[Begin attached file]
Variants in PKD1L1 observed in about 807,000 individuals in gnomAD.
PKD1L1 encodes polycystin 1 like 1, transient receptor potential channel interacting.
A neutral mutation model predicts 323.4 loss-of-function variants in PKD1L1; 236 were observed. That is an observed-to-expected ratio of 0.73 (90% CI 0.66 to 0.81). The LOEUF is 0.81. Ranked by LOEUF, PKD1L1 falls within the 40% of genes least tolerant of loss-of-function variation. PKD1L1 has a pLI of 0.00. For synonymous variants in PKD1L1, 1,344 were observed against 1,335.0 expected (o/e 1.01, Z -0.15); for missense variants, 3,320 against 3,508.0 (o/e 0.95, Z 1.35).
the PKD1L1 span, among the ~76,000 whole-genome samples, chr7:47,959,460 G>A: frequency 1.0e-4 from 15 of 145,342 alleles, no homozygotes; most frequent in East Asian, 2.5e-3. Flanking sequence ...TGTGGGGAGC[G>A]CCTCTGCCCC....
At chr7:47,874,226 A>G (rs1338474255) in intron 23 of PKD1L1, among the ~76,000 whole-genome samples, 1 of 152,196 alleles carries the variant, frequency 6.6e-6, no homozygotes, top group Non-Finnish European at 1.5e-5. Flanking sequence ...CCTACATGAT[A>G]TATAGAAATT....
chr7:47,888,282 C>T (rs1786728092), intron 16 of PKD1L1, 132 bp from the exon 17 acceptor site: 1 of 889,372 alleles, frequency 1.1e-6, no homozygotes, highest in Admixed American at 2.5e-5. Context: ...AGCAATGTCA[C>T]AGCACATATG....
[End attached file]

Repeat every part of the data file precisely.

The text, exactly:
Variants in PKD1L1 observed in about 807,000 individuals in gnomAD.
PKD1L1 encodes polycystin 1 like 1, transient receptor potential channel interacting.
A neutral mutation model predicts 323.4 loss-of-function variants in PKD1L1; 236 were observed. That is an observed-to-expected ratio of 0.73 (90% CI 0.66 to 0.81). The LOEUF is 0.81. Ranked by LOEUF, PKD1L1 falls within the 40% of genes least tolerant of loss-of-function variation. PKD1L1 has a pLI of 0.00. For synonymous variants in PKD1L1, 1,344 were observed against 1,335.0 expected (o/e 1.01, Z -0.15); for missense variants, 3,320 against 3,508.0 (o/e 0.95, Z 1.35).
the PKD1L1 span, among the ~76,000 whole-genome samples, chr7:47,959,460 G>A: frequency 1.0e-4 from 15 of 145,342 alleles, no homozygotes; most frequent in East Asian, 2.5e-3. Flanking sequence ...TGTGGGGAGC[G>A]CCTCTGCCCC....
At chr7:47,874,226 A>G (rs1338474255) in intron 23 of PKD1L1, among the ~76,000 whole-genome samples, 1 of 152,196 alleles carries the variant, frequency 6.6e-6, no homozygotes, top group Non-Finnish European at 1.5e-5. Flanking sequence ...CCTACATGAT[A>G]TATAGAAATT....
chr7:47,888,282 C>T (rs1786728092), intron 16 of PKD1L1, 132 bp from the exon 17 acceptor site: 1 of 889,372 alleles, frequency 1.1e-6, no homozygotes, highest in Admixed American at 2.5e-5. Context: ...AGCAATGTCA[C>T]AGCACATATG....